Has the cartel cracked?
Energy analysts and investors have been pondering that question since the Organization of Petroleum Exporting Countries surprised oil markets late Wednesday by making further production cuts dependent on cuts by non-OPEC members, a possibility
outlined on Monday. With Russia and Norway -- the two largest non-OPEC oil producers -- not willing to make meaningful production cuts, further OPEC cuts may not be in the cards.
"This action introduces a substantial amount of doubt into the global oil marketplace as to OPEC's ability to control oil prices," says Marshall Adkins, director of energy research at Raymond James and a member of the
It could also mean significantly lower crude oil prices. "The key concern for oil markets is OPEC's lack of resolve in the near term to provide support for falling oil prices," Merrill Lynch analyst Steven Pfeifer told clients Thursday morning. "The outcome of the OPEC meeting indicates the organization's willingness to accept an oil price below $20 a barrel in an effort to force non-OPEC exporters to participate in the next round of output cuts."
OPEC may have gotten a little ahead of itself. Last week the cartel was proclaiming victory as Russia indicated it was willing to consider output reductions in concert with OPEC. However, any chance of immediate significant cuts was foiled when Russia agreed to cut only 30,000 barrels per day when pressed by Saudi Arabia.
Though the Russian government says it will talk to OPEC, large Russian oil producers with considerable governmental influence are opposed to any production cuts. "If we are told to cut our production, we will cut," Mikhail Khodorkovsky, a senior official with
, Russia's second-largest oil producer, told
Wednesday night. "But I will do everything I can to prove it is unreasonable."
The lack of price control from OPEC is becoming clearer to the oil market. In Thursday trading, oil was trading below $18 per barrel, with some analysts suggesting prices could head lower. "We are substantially more bearish near term, with the odds of oil prices in the mid-teens increasing greatly," says Adkins.
Furthermore, additional OPEC production cuts may not be enforced. As
discussed earlier this week, OPEC compliance is running at only 76%, and several OPEC members have been reluctant to even meet current production quotas. Hence, OPEC's continued rhetoric sounds hollow.
With little help from non-member nations, OPEC's clout appears to be slipping. "OPEC has also sent a message of weakness to the crude-oil trading and investment community that could enhance the near-term downside for oil prices," noted Merrill Lynch energy services analyst Kevin Simpson.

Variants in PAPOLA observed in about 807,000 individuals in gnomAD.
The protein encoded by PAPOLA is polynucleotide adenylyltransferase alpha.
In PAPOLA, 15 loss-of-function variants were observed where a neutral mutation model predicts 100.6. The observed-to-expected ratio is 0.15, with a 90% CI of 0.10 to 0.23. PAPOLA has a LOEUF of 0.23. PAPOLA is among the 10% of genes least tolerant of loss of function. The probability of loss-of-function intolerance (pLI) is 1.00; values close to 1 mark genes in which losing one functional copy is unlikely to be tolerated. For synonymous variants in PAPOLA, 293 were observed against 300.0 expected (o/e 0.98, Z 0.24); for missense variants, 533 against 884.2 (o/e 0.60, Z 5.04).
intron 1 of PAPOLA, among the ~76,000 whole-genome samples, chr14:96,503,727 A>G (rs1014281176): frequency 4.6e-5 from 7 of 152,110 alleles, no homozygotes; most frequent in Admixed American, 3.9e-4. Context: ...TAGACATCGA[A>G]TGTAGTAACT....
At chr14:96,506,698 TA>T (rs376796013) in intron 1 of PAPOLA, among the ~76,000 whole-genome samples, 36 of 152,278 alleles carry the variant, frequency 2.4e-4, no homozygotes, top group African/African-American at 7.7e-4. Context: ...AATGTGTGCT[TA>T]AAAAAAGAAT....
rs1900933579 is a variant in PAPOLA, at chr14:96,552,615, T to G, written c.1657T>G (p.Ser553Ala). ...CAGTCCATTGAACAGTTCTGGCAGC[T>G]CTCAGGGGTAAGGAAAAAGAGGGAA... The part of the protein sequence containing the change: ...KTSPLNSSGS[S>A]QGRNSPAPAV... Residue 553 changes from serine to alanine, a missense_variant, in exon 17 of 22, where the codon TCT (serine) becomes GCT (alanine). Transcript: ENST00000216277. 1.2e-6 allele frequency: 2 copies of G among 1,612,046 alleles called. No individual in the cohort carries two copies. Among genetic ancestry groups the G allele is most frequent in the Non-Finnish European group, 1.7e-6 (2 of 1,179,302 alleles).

Slipping in the Oil Patch
Energy stocks are feeling the pressure from the OPEC news and from a higher-than-expected increase in crude- and heating-oil inventories and a continuing increase in natural gas supplies.
"This should place negative short-term pressure on the stocks," says Adkins. "All that happened with the drop in stock prices Wednesday was the removal of the hype from the past two days about an OPEC production cut."
Merrill's Simpson believes the pullback could be severe. He ratcheted down his intermediate-term ratings from buy to accumulate on energy-services stocks
In trading midday Thursday, Schlumberger was down more than 6%, while BJ Services and Cooper Cameron were both sinking more than 10%. Simpson maintains his long-term buy rating on all three companies, and Merrill Lynch has not provided banking services for any of the companies.
"We expect oil-service stocks to fall over the near term, possibly back below the late-September low of 59 for the oil-services index," he wrote in his report. "The driver is the expected near-term weakness in oil prices from the disastrous OPEC meeting."
However, Simpson's colleague Steven Pfiefer, who covers the integrated oil companies, says the integrated names are already discounting lower oil prices, noting that "integrated oil companies have significantly increased their 'bottom of the cycle' earnings power" through merger cost savings, earnings diversity and significant hedges on future oil prices. He maintains his buy ratings on
. Merrill Lynch has banking relationships with BP Amoco and Philips. Pfiefer adds that current stock prices assume $19-per-barrel oil.
Though Adkins is clearly in the short-term bearish camp, he thinks the energy service names could overreact, creating a buying opportunity for patient investors. "If the OSX falls below 70, we would be very strong buyers of the group," he says. "In our humble opinion, the group is relatively underowned, and investors should take advantage of any pullbacks."
That may assume the cartel doesn't crumble further.
Christopher S. Edmonds is president of Resource Dynamics, a private financial consulting firm based in Atlanta. At time of publication, Edmonds' firm was long Phillips, although holdings can change at any time. Under no circumstances does the information in this column represent a recommendation to buy or sell stocks. While Edmonds cannot provide investment advice or recommendations, he welcomes your feedback and invites you to send it to